Conversely, we defined the purpose of an explanatory trial as answering the question “Can an intervention work under ideal conditions?” Given this definition, characterizing the explanatory extreme of each domain is relatively straightforward and intuitive. It simply requires considering the design decisions one would make in order to maximize the chances of success. Thus, for example, one would select patients that are most likely to comply and respond to the intervention, ensure that the intervention is delivered in a way that optimizes its potential for beneficial effects, and ensure that it is delivered by well-trained and experienced practitioners.
Thus, we recommend that trialists or others assessing whether design decisions are fit for purpose do this in 4 steps:
- Declare whether the purpose of the trial is pragmatic or explanatory.
- Specify the settings or conditions for which the trial is intended to be applicable.
- Specify the design options at the pragmatic and explanatory extremes of each domain.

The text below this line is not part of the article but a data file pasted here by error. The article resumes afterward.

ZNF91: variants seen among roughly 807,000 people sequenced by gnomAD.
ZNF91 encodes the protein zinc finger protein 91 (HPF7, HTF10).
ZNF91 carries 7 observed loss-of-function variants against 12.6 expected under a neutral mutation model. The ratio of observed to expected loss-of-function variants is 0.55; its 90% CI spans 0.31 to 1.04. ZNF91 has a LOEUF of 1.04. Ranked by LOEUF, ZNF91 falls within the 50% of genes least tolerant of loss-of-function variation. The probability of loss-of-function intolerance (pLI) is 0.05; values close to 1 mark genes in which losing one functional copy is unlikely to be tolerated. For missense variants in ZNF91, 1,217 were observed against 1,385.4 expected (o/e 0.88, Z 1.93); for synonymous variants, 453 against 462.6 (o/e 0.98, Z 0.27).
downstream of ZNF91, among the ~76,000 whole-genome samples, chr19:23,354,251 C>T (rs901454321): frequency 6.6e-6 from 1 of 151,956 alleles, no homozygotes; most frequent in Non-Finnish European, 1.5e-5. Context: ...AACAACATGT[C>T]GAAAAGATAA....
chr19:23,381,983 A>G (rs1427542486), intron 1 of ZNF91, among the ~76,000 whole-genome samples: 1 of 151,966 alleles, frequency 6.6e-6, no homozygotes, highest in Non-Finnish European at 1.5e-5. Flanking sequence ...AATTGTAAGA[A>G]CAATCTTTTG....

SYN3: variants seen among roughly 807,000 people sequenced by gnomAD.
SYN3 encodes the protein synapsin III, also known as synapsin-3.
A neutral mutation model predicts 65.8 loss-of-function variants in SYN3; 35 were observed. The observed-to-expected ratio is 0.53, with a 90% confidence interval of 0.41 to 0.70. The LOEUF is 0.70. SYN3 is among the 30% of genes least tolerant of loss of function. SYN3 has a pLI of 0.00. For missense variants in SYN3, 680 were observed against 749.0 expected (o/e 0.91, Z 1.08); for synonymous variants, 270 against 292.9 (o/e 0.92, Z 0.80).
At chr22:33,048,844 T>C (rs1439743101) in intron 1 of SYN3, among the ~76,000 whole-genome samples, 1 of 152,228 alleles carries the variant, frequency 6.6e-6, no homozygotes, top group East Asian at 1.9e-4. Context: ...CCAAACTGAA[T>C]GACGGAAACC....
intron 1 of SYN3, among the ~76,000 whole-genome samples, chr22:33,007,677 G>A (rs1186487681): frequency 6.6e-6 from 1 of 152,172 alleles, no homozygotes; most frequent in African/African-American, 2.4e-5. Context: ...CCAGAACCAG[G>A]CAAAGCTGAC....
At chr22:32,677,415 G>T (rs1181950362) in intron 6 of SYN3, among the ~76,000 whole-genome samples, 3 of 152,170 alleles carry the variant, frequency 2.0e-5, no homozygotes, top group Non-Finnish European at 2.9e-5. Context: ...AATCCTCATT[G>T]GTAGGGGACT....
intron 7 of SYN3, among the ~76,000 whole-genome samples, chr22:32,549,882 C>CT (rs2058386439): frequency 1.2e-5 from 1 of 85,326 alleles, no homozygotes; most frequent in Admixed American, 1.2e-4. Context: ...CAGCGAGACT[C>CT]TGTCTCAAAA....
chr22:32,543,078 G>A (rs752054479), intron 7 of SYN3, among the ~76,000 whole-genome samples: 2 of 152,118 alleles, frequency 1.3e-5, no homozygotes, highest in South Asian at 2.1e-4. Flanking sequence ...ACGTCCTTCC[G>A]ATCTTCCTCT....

- Decide how pragmatic or explanatory a trial is in relation to those extremes for each domain.
For some trials, there may not be any important difference between the pragmatic and explanatory extremes for some dimensions. For example, delivering an intervention, such as acetylsalicylic acid (ASA) therapy to someone with an acute myocardial infarction, does not require practitioner expertise. As mentioned earlier, for domains where the extremes are clear, it should not be difficult to decide whether a design decision is at one extreme or the other. For design decisions that are somewhere in between the extremes, it can be more challenging to determine how pragmatic or explanatory a trial will be. For this reason we recommend that all the members of the trial design team rate each domain and compare.
To facilitate steps 3 and 4, we have identified a number of design tactics that either add restrictions typical of explanatory trials or remove restrictions in the fashion of pragmatism. The tactics that we describe here are not intended to be prescriptive, exhaustive or even ordered in a particular way, but rather illustrative. They are to aid trialists or others in assessing where, within the pragmatic–explanatory continuum, a domain is, allowing them to put a “tick” on a line representing the continuum. To display the “results” of this assessment, the lines for each domain are arranged like spokes of a wheel, with the explanatory pole near the hub and the pragmatic pole on the rim (). The display is completed by joining the locations of all 10 indicators as we progress around the wheel.